CBC News has spoken to Thibeault and confirmed the news. He is expected to release a statement with Wynne's office at 10 a.m. ET.
The federal NDP is also expected to react shortly.
Thibeault stepped down as the federal NDP's caucus chair earlier this fall, citing family reasons.
He was first elected as a federal MP six years ago, in the 2008 election. As of October, he had served long enough federally to be eligible for the MP pension plan.
Thibeault's resignation follows Friday's announcement by NDP deputy leader Libby Davies that she will not run in the next election.
Offer to step aside?
Thibeault's announcement comes after a top Ontario Liberal party official refuted a claim by their recent Sudbury candidate that he was asked not to run in an upcoming byelection in exchange for an appointment.
Andrew Olivier, who narrowly lost to now-resigned NDP MPP Joe Cimino in last June's election, said he was asked by high-ranking Liberal officials — including campaign director Pat Sorbara and Premier Kathleen Wynne — to step aside.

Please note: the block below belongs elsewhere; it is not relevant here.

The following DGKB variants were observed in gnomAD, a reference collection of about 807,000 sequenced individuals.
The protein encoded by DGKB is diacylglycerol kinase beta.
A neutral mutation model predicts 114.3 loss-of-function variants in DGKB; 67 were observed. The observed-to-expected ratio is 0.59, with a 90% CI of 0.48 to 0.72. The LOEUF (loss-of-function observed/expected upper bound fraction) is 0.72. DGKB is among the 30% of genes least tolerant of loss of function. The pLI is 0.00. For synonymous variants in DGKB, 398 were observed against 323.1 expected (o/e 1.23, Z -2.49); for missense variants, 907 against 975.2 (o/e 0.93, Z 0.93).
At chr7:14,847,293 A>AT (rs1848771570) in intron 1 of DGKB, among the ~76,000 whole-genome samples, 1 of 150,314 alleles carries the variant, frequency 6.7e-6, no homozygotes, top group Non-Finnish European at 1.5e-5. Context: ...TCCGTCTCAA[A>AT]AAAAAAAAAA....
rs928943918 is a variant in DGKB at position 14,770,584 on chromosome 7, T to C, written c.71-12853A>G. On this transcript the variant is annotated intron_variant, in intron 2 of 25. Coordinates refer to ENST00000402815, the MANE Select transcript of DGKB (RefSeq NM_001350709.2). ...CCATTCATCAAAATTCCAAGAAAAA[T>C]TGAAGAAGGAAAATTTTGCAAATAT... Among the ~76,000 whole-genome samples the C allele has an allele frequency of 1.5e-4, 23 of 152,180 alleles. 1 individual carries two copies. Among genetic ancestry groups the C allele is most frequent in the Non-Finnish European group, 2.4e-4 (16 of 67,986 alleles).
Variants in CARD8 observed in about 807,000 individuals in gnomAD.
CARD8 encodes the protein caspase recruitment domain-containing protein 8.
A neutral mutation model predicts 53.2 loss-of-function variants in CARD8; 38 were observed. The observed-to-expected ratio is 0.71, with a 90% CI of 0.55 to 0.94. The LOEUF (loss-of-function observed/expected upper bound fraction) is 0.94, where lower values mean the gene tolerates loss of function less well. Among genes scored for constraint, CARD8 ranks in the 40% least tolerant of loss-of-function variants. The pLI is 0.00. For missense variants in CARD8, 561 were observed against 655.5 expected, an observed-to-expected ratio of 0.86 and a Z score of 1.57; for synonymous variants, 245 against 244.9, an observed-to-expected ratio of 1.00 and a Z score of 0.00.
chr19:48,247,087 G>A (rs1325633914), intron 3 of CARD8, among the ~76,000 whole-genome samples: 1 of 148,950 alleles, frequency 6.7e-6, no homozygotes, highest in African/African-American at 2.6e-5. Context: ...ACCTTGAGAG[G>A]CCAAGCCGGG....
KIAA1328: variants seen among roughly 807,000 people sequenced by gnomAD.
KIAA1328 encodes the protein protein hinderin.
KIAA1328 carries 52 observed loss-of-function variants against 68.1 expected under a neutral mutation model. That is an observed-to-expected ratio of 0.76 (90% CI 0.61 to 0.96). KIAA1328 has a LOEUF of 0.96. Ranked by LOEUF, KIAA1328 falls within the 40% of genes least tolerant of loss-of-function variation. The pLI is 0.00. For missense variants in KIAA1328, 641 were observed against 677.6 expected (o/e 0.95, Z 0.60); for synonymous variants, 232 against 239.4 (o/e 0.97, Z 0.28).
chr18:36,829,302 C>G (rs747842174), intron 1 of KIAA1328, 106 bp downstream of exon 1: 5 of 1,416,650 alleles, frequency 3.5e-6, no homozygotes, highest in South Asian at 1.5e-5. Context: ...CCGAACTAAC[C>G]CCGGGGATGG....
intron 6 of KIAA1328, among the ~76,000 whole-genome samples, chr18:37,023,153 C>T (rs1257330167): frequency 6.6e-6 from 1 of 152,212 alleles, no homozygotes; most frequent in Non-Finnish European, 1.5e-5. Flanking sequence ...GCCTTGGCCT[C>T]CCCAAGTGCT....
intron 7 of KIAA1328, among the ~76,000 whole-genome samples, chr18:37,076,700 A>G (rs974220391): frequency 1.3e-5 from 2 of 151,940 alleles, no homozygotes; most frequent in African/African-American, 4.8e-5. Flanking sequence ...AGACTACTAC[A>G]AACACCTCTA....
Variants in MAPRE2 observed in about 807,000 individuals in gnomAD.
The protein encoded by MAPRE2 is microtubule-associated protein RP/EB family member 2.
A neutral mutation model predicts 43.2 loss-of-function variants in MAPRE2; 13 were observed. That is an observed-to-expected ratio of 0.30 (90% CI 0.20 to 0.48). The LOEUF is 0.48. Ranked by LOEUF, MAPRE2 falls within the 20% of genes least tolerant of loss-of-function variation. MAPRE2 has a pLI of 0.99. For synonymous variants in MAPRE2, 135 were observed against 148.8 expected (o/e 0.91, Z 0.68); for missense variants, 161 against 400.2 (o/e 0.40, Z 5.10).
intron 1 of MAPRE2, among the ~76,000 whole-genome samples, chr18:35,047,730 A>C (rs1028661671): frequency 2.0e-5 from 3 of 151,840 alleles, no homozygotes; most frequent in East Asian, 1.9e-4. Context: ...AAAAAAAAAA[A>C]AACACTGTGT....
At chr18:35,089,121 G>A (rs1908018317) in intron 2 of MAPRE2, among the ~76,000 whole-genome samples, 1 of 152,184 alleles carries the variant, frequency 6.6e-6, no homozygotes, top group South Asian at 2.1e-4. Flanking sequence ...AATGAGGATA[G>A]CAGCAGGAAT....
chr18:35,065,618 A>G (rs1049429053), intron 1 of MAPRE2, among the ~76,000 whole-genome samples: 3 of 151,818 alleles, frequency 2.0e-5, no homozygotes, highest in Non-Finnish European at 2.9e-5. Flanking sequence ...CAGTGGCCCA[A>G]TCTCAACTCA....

Olivier said one party official told him that if he didn't run they would "see what was in it" for him.
Sorbara said the claim that "anything was offered in exchange for any action is categorically false," while Wynne denied that she or any members of her party promised an appointment.
Wynne said that, while she reached out to Olivier to let him know the Liberals had another candidate in mind, there were no "specific offers" made.
Olivier said he is not seeking the nomination for the byelection, which has yet to be called.
The Progressive Conservatives have asked the Ontario Provincial Police to look into the allegations.
The provincial NDP directed the allegations to Elections Ontario, saying that under the Election Act it is an offence to promise a job or appointment to induce a person to withdraw their candidacy.